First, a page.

Tainted Soil to Be Shipped to Texas


After inciting a fracas in two states, hundreds of tons of DDT-tainted soil dug from a South Bay neighborhood will travel by truck to Texas to be incinerated, officials with the U.S. Environmental Protection Agency said Monday.

That decision comes after Arizona residents raised vociferous objections to having the soil stored in Phoenix, with some insisting that it be shipped back to California.

Now, EPA officials are clearly hoping that an incinerator near Port Arthur, Tex., will prove to be the final resting place for the soil.

“We want to put this issue to bed,” said EPA assistant regional counsel John Lyons, who has spent weeks negotiating the disposal of the 1,000 tons of dirt contaminated with the banned pesticide.


Because of local pressures, the federal government faces an Aug. 29 deadline to have the 65 sealed bins of soil removed from storage facilities in Phoenix and Long Beach.

Some soil is stored in Long Beach under an emergency state permit that expired Monday and that the state has extended by two weeks. Meanwhile, the EPA says it has promised Arizona officials that the remaining soil will be out of their state by Aug. 29.

The contaminated soil has touched off concern since the spring day it was unearthed behind two homes in an unincorporated area east of Torrance during an EPA cleanup.

Because chunks of pure DDT were mixed in with the soil, the EPA concluded that the banned pesticide came from the former DDT-manufacturing Montrose Chemical Corp., once located three-tenths of a mile away.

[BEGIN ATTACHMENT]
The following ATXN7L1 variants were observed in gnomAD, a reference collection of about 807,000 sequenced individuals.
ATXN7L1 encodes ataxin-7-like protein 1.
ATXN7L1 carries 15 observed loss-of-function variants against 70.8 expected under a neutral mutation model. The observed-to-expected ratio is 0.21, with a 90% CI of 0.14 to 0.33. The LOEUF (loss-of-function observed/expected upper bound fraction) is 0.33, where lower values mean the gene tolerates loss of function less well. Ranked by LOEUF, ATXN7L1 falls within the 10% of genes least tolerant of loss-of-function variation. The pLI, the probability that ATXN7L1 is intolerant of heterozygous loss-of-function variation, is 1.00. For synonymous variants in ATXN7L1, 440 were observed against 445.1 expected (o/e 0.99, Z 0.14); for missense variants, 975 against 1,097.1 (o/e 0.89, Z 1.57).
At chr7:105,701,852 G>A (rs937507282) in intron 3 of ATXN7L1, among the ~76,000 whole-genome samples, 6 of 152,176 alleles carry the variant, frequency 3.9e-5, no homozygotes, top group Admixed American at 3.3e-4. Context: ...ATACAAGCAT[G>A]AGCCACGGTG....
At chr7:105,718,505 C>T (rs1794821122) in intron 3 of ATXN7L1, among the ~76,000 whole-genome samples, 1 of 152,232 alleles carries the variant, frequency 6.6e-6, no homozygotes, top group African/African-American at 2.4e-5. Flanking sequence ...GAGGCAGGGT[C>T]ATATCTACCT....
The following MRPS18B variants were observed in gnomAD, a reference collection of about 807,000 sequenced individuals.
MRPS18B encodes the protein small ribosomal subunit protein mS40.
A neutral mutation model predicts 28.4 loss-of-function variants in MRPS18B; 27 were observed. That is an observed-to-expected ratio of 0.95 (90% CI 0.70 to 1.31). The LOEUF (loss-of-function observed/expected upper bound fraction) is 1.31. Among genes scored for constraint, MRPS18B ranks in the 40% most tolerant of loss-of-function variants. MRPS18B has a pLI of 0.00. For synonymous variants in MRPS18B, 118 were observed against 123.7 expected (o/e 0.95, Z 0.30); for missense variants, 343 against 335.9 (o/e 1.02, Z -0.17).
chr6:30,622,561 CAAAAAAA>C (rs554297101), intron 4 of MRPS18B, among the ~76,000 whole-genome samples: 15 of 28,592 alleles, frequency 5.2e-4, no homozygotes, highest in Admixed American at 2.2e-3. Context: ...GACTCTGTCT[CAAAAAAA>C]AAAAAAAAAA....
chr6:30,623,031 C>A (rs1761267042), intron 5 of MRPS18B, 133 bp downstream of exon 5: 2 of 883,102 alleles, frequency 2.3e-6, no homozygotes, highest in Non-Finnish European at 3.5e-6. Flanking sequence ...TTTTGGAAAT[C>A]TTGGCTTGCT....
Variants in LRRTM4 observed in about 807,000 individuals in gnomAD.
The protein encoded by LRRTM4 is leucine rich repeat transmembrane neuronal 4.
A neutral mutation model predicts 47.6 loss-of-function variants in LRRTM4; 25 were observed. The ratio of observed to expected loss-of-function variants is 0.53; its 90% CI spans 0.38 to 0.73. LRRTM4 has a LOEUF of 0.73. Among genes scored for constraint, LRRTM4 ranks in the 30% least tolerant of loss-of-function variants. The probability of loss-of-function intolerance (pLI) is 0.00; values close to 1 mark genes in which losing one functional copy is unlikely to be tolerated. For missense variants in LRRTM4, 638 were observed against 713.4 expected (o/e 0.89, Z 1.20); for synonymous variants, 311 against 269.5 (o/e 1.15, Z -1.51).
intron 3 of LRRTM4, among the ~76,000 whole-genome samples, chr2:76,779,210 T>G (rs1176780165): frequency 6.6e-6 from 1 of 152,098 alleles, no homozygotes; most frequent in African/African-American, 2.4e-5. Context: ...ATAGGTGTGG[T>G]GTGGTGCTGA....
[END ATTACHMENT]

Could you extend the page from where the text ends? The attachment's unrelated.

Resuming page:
But Montrose maintains that the federal government’s claim is based on circumstantial evidence. So lawyers for the two sides struck a compromise last month, agreeing that the soil would be moved from Long Beach to a Phoenix storage facility for up to three months so that it could be tested by Montrose.

When opposition flared in Arizona, the EPA halted the soil shipments, leaving 38 bins in Phoenix and 27 in Long Beach. The agency notified Montrose on Monday that it has arranged to have the soil burned at a hazardous waste facility operated by Chemical Waste Management Inc. near Port Arthur.

Still unclear is whether Montrose will get a chance to sample the dirt as it requested.

“In terms of direct evidence of what’s in the soil, the soils are it. Once they are destroyed, there will be no further ability to sample them,” said attorney Karl Lytz of Latham & Watkins, the law firm representing Montrose.


But the EPA’s Lyons countered: “Frankly, our primary commitment is to see that the material leaves the temporary storage sites and gets to Port Arthur and gets treated as quickly as possible.”

The EPA plans to charge Montrose for the expected $850,000 cost of incineration, although Montrose has not said it will pay.